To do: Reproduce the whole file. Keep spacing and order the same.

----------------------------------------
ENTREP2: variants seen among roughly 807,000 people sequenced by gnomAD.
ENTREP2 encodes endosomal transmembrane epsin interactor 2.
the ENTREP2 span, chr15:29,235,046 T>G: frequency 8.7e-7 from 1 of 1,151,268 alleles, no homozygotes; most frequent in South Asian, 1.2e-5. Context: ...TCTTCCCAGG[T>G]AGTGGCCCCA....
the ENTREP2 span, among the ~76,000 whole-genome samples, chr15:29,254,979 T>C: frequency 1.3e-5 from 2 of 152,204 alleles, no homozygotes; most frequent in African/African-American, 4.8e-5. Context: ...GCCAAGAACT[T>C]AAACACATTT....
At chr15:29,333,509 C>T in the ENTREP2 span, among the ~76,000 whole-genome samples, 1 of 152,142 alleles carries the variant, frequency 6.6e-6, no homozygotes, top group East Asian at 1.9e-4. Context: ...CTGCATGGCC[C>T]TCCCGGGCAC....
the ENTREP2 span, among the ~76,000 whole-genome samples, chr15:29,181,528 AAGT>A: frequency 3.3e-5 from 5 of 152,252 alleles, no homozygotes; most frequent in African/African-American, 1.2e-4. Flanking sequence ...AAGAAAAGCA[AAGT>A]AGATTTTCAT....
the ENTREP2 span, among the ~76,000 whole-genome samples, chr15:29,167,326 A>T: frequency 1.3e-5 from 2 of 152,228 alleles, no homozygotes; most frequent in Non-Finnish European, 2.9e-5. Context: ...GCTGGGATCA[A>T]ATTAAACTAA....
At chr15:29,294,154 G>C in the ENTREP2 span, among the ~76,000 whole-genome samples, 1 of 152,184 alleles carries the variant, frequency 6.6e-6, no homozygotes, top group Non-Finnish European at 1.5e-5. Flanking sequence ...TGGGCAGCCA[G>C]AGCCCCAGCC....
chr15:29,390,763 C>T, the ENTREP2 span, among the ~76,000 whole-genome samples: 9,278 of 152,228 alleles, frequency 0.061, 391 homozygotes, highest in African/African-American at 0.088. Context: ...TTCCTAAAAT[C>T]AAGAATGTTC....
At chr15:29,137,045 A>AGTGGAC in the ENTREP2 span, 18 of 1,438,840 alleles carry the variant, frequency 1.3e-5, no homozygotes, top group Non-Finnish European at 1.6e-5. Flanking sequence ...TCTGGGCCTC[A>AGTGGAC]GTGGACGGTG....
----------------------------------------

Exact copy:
ENTREP2: variants seen among roughly 807,000 people sequenced by gnomAD.
ENTREP2 encodes endosomal transmembrane epsin interactor 2.
the ENTREP2 span, chr15:29,235,046 T>G: frequency 8.7e-7 from 1 of 1,151,268 alleles, no homozygotes; most frequent in South Asian, 1.2e-5. Context: ...TCTTCCCAGG[T>G]AGTGGCCCCA....
the ENTREP2 span, among the ~76,000 whole-genome samples, chr15:29,254,979 T>C: frequency 1.3e-5 from 2 of 152,204 alleles, no homozygotes; most frequent in African/African-American, 4.8e-5. Context: ...GCCAAGAACT[T>C]AAACACATTT....
At chr15:29,333,509 C>T in the ENTREP2 span, among the ~76,000 whole-genome samples, 1 of 152,142 alleles carries the variant, frequency 6.6e-6, no homozygotes, top group East Asian at 1.9e-4. Context: ...CTGCATGGCC[C>T]TCCCGGGCAC....
the ENTREP2 span, among the ~76,000 whole-genome samples, chr15:29,181,528 AAGT>A: frequency 3.3e-5 from 5 of 152,252 alleles, no homozygotes; most frequent in African/African-American, 1.2e-4. Flanking sequence ...AAGAAAAGCA[AAGT>A]AGATTTTCAT....
the ENTREP2 span, among the ~76,000 whole-genome samples, chr15:29,167,326 A>T: frequency 1.3e-5 from 2 of 152,228 alleles, no homozygotes; most frequent in Non-Finnish European, 2.9e-5. Context: ...GCTGGGATCA[A>T]ATTAAACTAA....
At chr15:29,294,154 G>C in the ENTREP2 span, among the ~76,000 whole-genome samples, 1 of 152,184 alleles carries the variant, frequency 6.6e-6, no homozygotes, top group Non-Finnish European at 1.5e-5. Flanking sequence ...TGGGCAGCCA[G>C]AGCCCCAGCC....
chr15:29,390,763 C>T, the ENTREP2 span, among the ~76,000 whole-genome samples: 9,278 of 152,228 alleles, frequency 0.061, 391 homozygotes, highest in African/African-American at 0.088. Context: ...TTCCTAAAAT[C>T]AAGAATGTTC....
At chr15:29,137,045 A>AGTGGAC in the ENTREP2 span, 18 of 1,438,840 alleles carry the variant, frequency 1.3e-5, no homozygotes, top group Non-Finnish European at 1.6e-5. Flanking sequence ...TCTGGGCCTC[A>AGTGGAC]GTGGACGGTG....